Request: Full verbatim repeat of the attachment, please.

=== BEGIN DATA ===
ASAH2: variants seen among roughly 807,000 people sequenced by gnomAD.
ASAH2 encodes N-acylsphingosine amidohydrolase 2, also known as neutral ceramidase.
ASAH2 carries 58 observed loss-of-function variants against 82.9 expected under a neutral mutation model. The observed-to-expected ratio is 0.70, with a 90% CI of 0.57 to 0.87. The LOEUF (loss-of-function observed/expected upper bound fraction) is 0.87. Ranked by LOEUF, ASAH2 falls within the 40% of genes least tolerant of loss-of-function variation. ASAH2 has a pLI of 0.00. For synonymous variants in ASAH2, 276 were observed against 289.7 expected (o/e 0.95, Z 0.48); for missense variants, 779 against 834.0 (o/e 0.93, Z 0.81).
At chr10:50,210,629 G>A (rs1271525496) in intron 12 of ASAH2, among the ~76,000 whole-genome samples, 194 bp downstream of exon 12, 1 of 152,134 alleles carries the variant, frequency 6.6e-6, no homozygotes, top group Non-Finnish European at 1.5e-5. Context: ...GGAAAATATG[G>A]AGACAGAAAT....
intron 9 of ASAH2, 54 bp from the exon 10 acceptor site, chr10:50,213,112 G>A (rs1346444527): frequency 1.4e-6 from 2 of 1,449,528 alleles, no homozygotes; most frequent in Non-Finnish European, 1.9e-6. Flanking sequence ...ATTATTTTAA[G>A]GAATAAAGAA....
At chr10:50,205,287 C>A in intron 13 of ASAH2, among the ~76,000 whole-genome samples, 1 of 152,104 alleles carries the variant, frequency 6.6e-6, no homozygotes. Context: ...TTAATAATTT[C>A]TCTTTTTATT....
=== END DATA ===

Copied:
ASAH2: variants seen among roughly 807,000 people sequenced by gnomAD.
ASAH2 encodes N-acylsphingosine amidohydrolase 2, also known as neutral ceramidase.
ASAH2 carries 58 observed loss-of-function variants against 82.9 expected under a neutral mutation model. The observed-to-expected ratio is 0.70, with a 90% CI of 0.57 to 0.87. The LOEUF (loss-of-function observed/expected upper bound fraction) is 0.87. Ranked by LOEUF, ASAH2 falls within the 40% of genes least tolerant of loss-of-function variation. ASAH2 has a pLI of 0.00. For synonymous variants in ASAH2, 276 were observed against 289.7 expected (o/e 0.95, Z 0.48); for missense variants, 779 against 834.0 (o/e 0.93, Z 0.81).
At chr10:50,210,629 G>A (rs1271525496) in intron 12 of ASAH2, among the ~76,000 whole-genome samples, 194 bp downstream of exon 12, 1 of 152,134 alleles carries the variant, frequency 6.6e-6, no homozygotes, top group Non-Finnish European at 1.5e-5. Context: ...GGAAAATATG[G>A]AGACAGAAAT....
intron 9 of ASAH2, 54 bp from the exon 10 acceptor site, chr10:50,213,112 G>A (rs1346444527): frequency 1.4e-6 from 2 of 1,449,528 alleles, no homozygotes; most frequent in Non-Finnish European, 1.9e-6. Flanking sequence ...ATTATTTTAA[G>A]GAATAAAGAA....
At chr10:50,205,287 C>A in intron 13 of ASAH2, among the ~76,000 whole-genome samples, 1 of 152,104 alleles carries the variant, frequency 6.6e-6, no homozygotes. Context: ...TTAATAATTT[C>A]TCTTTTTATT....